Everything Else

Craving familiarity

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With fall just around the corner, and the kids going back to school this week, and me going back to school next week, and all the changes that this new season brings, I’m finding myself more and more wanting to do things that are familiar to me. I’m rereading Louise Penny’s Inspector Gamache series instead of starting something new. I’m rewatching Gilmore Girls from the beginning instead of finding a fresh series on Netflix. I’m reverting back to old patterns, because so much of what I’m experiencing now, and what I will experience this semester, is new.

I have one more year left of grad school, this year actually, and if all goes well I will graduate in May. Between now and then, I have to do 150 hours of clinical time, complete a research project, and write my thesis. And after that, there is the Great Unknown. Will I be able to find a job in my field? Will I like teaching as much as I think I will? Will I be happy after I turn my life around yet again?

Then there’s CJ. His classroom assignments went out last week and he’s not in class with any of his close friends. That is, any of the friends whose moms I’ve gotten to know. I was in shock when I first looked at his list—how could they do this to him? He’s such a good kid, he listens and he follows the rules (most of the time), and it feels like because of that he’s just getting thrown in anywhere. But then I showed the list to CJ, and he’s excited about it. There’s a girl in his class he’s asked to have a play date with, and he’ll get to see her every day. He’s happy about his teacher, who’s new to his school, because he thinks she’ll be glad to be there and in turn make his day-to-day a fun experience. If only I could see things through his eyes.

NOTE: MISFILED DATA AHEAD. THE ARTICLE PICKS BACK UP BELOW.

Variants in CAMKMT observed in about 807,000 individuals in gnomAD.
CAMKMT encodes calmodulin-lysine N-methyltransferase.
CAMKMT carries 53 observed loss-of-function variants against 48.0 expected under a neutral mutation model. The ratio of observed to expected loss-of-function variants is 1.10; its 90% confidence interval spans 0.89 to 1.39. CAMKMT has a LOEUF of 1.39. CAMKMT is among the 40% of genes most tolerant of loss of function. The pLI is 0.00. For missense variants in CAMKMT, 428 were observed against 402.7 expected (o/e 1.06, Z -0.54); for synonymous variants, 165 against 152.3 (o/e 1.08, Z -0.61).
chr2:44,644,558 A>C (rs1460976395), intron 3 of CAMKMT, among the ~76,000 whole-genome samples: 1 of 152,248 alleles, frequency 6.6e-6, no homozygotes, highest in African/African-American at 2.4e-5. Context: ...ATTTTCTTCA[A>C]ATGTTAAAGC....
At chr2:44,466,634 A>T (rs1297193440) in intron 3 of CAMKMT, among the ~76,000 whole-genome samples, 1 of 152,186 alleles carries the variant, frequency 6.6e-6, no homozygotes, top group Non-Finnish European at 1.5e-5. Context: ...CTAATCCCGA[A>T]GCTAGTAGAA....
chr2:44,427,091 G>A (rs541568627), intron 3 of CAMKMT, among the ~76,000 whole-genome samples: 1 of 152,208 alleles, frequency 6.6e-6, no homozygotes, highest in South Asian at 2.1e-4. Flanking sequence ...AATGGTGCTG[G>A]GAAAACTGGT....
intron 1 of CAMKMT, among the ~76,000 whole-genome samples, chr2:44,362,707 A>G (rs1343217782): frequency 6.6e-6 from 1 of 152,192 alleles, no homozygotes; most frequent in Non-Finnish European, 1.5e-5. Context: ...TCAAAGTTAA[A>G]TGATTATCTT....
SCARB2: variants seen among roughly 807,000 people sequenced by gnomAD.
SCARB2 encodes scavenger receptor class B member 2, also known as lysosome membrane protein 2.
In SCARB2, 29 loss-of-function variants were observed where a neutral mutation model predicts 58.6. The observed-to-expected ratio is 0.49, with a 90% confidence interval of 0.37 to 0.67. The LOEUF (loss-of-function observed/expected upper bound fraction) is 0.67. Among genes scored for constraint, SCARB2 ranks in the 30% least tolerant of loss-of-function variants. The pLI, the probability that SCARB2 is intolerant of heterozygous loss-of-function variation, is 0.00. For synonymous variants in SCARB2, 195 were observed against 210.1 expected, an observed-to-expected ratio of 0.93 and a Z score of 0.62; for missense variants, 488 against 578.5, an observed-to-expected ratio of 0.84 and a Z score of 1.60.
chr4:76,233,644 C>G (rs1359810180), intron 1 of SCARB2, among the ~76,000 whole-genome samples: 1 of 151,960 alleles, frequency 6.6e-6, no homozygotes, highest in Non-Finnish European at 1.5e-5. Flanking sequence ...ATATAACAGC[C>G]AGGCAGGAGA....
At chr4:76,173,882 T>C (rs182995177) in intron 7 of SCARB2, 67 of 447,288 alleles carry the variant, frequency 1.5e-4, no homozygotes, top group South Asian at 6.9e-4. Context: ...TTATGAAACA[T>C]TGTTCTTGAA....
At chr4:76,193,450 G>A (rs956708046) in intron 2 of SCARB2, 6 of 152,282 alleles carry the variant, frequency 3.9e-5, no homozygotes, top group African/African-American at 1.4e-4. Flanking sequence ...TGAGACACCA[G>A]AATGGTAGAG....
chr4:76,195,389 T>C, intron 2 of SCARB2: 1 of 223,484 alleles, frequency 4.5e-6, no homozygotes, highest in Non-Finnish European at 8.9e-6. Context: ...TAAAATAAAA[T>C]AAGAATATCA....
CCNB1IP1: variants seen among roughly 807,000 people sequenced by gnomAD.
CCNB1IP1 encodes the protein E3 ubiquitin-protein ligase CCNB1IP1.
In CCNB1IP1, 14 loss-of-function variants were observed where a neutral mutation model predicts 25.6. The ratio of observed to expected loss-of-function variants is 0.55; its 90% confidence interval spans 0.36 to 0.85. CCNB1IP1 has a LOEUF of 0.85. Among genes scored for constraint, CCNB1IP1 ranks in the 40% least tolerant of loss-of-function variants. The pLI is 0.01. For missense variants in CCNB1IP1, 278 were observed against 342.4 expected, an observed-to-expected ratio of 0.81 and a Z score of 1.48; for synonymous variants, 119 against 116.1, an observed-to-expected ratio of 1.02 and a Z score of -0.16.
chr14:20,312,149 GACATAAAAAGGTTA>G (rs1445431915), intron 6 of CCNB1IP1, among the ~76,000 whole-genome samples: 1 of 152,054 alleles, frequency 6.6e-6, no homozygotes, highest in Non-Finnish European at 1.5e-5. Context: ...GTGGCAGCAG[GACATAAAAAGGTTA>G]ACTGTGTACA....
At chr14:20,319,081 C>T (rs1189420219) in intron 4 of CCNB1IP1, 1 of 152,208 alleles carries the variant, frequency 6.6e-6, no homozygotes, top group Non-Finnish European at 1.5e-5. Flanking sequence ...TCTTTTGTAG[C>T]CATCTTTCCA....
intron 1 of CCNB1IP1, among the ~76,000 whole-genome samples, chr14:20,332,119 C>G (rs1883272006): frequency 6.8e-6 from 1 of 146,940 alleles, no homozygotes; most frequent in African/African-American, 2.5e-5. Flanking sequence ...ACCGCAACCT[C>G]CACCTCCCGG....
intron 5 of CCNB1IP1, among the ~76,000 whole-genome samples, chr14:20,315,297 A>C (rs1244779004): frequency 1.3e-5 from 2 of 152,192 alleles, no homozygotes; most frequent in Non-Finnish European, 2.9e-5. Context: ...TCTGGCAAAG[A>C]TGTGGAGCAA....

Sam is your typical four-year-old, he doesn’t want to go back to school but once he’s there, I know he’ll love it. He’s already talking about seeing his friends and having them over to our house. He’ll be going to preschool five days a week, partially to accommodate my work/clinical schedule and partially to get him ready for kindergarten, which will be full-day next year. He’s ready for this change, definitely more than I am.

It’s raining today, as it is on all of my quiet, thoughtful days, and I think I’ll take the gloomy weather as a sign to embrace the familiar. I can do all these new things, all these hard things, if I have a backbone of comfort to rely on. For me, for this season, that means familiar stories, well-worn routines, and pumpkin spice everything. I’m looking forward to this season, with all of its changes, along with everything else that will stay blissfully, thankfully, the same.

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